Rare-earth metals get the sparkler party started

Sparkler. (Reference image by Fluzwup, Wikimedia Commons.)

A recent paper published in the journal ACS Omega proposes the idea of using rare-earth metals in alloy powders to produce flashes that shift from golden to green and continuously branch.

According to the article’s senior author Eike Hübner, burning powdered erbium produces a new colour-changing spark, shifting from golden-white to bright green. However, the green phase occurred for just a blip in time and wasn’t really noticeable.

Another entertaining aspect of sparkler fountains is their branching sparks that burst apart repeatedly into multiple, smaller particles that flash. Commercial sparklers typically contain iron-carbon powders for this effect, but metal-metal alloys can also do this. So, Hübner and his team wanted to test whether rare-earth metal-metal alloys could be used to create brand-new types of colour-changing or branching sparks.

Rare-earth metals get the sparkler party started
Graphical abstract showing flashes produced by rare-earth metals. (Image courtesy of ACS Omega (2022). DOI: 10.1021/acsomega.2c03081).

The researchers pressed single-metal powders and metal-metal alloy powders containing alkali, transition and rare-earth metals, one at a time into a flame. Rare-earth alloys provided more colourful sparks than single-metal powders. For instance, ytterbium produced intense green explosive flashes. But when the ytterbium-copper (Yb-Cu) alloy was burned, it continuously released a shower of long sparks that switched from golden to deep green.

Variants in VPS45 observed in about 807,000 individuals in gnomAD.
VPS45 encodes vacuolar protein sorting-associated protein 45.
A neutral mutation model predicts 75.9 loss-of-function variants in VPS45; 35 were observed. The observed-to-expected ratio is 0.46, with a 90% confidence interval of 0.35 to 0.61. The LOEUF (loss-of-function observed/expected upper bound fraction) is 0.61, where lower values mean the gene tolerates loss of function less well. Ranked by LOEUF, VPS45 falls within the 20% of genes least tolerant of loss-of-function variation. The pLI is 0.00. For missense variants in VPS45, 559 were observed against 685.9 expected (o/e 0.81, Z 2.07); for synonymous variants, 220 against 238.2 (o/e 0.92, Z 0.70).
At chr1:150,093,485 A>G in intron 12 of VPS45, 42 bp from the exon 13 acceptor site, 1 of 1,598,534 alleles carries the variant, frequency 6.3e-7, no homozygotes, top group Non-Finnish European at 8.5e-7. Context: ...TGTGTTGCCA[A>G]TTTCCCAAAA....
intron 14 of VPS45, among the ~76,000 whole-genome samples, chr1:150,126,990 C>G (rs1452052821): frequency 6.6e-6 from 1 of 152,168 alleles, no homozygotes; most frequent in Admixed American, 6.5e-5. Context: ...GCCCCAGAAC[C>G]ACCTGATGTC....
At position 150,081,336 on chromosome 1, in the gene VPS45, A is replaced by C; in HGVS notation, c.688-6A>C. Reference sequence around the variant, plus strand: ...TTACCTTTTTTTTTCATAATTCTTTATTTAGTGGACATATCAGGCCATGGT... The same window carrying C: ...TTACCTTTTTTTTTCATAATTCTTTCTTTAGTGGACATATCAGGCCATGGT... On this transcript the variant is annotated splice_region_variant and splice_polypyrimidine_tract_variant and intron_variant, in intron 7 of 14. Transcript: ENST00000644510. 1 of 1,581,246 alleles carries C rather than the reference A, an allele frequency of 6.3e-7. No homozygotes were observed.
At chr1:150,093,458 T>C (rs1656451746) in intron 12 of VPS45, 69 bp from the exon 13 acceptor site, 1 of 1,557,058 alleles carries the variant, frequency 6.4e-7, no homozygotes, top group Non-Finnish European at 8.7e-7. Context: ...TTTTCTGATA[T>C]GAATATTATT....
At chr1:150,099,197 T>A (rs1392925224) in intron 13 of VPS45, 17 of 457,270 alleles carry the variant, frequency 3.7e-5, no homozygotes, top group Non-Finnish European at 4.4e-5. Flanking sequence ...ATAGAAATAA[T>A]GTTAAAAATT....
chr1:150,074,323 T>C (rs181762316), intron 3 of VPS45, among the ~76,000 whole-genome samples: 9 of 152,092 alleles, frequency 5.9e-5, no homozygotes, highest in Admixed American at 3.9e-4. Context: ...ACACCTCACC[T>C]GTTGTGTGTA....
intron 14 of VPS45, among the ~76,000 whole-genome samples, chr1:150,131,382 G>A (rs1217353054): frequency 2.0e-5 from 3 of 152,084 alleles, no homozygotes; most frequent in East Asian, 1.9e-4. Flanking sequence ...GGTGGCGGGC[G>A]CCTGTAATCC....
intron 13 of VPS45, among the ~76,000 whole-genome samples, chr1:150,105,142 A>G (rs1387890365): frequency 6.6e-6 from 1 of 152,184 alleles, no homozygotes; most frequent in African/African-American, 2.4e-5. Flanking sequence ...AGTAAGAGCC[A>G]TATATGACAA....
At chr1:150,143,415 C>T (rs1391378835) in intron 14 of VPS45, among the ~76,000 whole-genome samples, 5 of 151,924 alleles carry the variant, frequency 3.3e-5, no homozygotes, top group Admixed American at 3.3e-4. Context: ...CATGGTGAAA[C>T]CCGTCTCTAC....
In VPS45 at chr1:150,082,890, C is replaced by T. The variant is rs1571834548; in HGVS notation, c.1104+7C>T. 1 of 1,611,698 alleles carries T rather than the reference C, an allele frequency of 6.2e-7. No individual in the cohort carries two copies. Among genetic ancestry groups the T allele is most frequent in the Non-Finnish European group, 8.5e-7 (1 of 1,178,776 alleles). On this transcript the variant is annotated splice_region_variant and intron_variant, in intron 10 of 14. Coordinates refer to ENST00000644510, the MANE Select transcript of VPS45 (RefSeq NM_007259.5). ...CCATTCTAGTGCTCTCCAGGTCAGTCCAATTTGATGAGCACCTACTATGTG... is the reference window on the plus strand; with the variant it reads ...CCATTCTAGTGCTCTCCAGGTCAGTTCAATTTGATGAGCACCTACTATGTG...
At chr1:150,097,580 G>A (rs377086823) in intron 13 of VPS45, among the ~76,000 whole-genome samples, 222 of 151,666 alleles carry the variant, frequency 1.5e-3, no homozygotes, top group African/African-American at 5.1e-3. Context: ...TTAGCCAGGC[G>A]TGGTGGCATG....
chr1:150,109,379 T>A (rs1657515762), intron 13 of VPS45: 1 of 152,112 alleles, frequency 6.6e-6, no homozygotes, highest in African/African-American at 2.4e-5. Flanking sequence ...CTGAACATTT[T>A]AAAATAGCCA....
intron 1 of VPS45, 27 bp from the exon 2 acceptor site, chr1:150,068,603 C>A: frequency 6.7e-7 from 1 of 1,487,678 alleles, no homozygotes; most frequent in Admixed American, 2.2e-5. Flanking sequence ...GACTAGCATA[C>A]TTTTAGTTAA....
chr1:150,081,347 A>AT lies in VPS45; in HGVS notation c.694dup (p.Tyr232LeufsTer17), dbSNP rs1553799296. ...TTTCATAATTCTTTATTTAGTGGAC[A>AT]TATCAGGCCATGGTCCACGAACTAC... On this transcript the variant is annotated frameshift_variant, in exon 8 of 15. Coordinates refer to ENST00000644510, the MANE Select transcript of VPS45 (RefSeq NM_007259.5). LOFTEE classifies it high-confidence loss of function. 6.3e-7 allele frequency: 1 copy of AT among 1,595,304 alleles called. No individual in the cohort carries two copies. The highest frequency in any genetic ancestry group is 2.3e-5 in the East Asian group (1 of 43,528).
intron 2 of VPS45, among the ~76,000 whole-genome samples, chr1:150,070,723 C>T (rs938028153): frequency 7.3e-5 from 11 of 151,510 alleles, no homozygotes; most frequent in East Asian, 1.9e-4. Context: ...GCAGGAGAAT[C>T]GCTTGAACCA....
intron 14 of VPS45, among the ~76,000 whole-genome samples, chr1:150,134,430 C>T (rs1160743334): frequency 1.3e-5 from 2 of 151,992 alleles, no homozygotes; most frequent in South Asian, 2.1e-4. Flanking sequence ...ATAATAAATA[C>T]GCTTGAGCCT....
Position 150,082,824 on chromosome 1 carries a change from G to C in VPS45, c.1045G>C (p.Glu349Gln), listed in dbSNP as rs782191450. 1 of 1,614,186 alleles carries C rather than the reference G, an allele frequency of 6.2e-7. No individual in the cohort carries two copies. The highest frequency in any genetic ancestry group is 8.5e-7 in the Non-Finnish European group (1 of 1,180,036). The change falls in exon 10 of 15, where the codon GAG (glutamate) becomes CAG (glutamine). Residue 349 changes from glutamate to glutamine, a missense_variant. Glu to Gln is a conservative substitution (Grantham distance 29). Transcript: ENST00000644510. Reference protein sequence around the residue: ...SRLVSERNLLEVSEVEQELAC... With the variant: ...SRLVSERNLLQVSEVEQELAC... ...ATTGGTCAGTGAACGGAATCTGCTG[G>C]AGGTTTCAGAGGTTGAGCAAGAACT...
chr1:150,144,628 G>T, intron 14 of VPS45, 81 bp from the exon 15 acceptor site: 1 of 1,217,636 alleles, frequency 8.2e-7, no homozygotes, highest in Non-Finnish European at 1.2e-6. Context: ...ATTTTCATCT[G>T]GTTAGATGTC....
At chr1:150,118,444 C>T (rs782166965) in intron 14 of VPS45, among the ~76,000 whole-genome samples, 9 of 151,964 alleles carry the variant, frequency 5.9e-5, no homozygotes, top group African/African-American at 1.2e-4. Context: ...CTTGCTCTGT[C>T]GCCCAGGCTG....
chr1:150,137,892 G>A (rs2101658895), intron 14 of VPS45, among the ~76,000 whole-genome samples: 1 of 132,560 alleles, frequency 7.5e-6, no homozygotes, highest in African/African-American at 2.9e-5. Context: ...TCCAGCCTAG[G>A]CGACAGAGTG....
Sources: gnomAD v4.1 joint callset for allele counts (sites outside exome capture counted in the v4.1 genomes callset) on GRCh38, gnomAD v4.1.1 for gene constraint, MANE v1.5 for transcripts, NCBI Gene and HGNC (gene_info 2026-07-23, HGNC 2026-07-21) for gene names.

Then the researchers combined rare-earth metal alloys with ammonium perchlorate and nitrocellulose-based propellant to create smokeless fountains. A powdered version of neodymium magnets created the most attractive fountain with continuously branching sparks, with each initial “parent spark” shooting off many more sparks in just a fraction of a second.

The scientists point out that the tests yielded two promising sparkler materials, though they caution that the recipes must undergo further safety testing before they can be used in commercial products.